In article <60.617.5254.0N18E77F at canrem.com>, pete.dixon at canrem.com (Pete Dixon) writes:
> At a recent meeting of my Manic Depressive group a video was shown where they
> talked about how a causal gene/gene set had been identified on chromosome 11.
> The identification was confirmed by testing affected and non-affected family
> members among the Amish and other gene mapping-friendly groups.
>> The strong implication to me was that there was now a genetic marker test for
> this gene. If there is can someone direct to sources, costs, availability
> information about these tests.
We're _very_ far from such a situation. The Amish result may well have been a false
positive. There are a few positive association studies suggesting a role for
mutations in this region leading to manic depression, but just as many negative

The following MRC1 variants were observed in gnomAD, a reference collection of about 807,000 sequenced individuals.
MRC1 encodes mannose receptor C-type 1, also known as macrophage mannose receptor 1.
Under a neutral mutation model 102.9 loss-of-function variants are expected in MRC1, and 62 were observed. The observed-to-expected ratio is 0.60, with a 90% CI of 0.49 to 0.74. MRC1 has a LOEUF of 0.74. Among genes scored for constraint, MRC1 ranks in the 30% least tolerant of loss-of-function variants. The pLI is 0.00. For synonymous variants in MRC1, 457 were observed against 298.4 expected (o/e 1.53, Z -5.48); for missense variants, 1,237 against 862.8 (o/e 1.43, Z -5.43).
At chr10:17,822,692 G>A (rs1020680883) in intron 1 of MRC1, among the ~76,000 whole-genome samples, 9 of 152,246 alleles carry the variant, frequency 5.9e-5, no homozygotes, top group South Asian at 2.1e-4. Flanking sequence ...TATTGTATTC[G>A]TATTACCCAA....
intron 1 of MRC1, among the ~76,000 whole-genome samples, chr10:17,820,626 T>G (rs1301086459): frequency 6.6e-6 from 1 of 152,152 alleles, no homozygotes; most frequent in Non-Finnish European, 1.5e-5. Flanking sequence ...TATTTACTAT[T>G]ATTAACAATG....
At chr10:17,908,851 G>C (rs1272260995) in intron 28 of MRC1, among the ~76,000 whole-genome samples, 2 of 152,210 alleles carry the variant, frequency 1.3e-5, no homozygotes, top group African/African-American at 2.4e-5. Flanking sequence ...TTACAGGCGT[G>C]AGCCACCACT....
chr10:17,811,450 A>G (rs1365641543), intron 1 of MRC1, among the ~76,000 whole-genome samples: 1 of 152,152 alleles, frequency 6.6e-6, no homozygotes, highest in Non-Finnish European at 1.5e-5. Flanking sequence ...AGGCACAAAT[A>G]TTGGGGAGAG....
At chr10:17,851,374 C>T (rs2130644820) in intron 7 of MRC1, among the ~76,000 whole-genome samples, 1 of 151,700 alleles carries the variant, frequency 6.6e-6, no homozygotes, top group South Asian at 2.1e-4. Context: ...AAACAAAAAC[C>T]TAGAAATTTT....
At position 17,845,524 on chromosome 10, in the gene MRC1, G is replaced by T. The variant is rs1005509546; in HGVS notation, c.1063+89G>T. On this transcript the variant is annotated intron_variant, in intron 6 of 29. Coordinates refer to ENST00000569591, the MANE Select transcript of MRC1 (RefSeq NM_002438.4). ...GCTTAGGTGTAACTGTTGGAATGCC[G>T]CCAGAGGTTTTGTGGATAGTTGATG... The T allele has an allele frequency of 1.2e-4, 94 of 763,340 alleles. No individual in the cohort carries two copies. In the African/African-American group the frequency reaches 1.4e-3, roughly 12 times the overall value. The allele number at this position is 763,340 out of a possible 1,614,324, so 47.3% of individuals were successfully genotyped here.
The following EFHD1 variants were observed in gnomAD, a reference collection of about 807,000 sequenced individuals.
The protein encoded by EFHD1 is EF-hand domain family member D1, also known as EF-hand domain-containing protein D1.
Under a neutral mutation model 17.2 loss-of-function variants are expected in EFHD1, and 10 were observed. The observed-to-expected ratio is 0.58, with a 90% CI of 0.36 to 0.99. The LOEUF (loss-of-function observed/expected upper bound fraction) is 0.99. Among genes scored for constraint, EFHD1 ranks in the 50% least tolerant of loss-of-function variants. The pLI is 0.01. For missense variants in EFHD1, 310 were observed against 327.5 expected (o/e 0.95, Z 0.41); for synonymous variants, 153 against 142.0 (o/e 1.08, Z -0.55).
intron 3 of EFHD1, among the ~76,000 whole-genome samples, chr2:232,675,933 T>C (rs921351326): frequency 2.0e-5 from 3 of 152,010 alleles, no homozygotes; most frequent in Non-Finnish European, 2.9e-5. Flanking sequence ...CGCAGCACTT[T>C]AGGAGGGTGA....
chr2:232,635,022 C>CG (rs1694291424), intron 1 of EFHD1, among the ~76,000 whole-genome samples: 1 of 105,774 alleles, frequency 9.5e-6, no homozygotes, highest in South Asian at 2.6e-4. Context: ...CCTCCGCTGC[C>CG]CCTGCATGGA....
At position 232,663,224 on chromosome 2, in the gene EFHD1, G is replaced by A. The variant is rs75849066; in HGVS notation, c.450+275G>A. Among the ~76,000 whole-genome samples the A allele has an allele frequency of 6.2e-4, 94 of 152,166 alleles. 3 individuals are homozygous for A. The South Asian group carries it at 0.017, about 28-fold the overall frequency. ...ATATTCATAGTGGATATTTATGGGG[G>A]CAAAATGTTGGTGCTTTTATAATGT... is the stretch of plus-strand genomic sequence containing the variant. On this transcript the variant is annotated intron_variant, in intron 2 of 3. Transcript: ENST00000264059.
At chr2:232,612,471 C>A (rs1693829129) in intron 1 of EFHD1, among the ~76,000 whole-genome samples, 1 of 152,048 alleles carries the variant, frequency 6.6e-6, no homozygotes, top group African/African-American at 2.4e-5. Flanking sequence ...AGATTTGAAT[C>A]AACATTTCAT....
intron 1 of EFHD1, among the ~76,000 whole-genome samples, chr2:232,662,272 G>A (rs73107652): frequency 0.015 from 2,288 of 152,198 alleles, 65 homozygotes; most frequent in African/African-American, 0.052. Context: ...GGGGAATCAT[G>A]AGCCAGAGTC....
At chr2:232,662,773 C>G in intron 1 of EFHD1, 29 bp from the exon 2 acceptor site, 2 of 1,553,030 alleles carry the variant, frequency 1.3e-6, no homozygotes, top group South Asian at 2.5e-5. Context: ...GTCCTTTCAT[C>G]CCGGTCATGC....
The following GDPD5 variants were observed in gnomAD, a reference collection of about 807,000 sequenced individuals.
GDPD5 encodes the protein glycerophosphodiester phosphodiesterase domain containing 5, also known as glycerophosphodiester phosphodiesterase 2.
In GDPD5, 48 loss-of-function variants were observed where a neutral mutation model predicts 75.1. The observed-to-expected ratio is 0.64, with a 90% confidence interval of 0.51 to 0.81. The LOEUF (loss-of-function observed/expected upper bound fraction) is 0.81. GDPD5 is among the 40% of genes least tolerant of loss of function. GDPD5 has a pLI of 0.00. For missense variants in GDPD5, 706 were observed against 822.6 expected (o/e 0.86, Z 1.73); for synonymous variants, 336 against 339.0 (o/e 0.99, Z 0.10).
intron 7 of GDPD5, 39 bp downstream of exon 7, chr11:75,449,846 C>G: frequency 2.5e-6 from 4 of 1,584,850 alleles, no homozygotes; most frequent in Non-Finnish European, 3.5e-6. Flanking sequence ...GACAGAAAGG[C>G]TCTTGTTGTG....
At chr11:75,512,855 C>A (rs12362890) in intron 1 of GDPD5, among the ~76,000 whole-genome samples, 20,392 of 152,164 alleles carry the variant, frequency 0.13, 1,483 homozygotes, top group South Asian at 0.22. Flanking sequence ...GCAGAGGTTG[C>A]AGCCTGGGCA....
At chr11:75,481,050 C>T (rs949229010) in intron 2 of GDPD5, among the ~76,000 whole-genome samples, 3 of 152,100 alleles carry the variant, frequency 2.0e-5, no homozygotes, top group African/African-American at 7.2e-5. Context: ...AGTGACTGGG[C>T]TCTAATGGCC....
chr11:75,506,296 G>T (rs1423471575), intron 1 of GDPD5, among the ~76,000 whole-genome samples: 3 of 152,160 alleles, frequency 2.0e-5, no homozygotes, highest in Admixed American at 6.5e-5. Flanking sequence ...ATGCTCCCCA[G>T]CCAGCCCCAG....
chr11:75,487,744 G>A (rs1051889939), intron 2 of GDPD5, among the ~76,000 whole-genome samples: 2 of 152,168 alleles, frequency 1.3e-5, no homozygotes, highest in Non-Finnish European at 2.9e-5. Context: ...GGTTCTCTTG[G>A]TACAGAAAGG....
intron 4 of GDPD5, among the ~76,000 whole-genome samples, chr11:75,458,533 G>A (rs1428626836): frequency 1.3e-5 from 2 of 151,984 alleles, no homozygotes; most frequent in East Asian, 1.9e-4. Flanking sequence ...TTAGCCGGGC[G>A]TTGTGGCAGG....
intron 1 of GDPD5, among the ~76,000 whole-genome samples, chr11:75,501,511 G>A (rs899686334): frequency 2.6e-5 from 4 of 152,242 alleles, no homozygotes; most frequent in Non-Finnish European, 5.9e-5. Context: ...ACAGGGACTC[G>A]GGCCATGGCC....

ones. Certainly many cases of manic depression are _not_ caused by genes in this region,
so the results of any negative test could be difficult to interpret, certainly
without testing many other members of a family.
On the other hand, at any time there could be a big breakthrough which could bring
about the possibilities you envisage. We've seen this happen recently with
Alzheimer's disease (though not to the extent of having simple tests for the majority
of cases) and there's no reason why manic depression shouldn't be next - we're all
working hard enough at it. It just hasn't happened yet, that's all.
Academic Department of Psychiatry, Janet: dcurtis at UK.AC.CRC
St. Mary's Hospital, Elsewhere: dcurtis at CRC.AC.UK
Praed Street, London W2. EARN/Bitnet: dcurtis%CRC at UKACRL
Tel 071-725 1993 Usenet: ...!mcsun!ukc!mrccrc!D.Curtis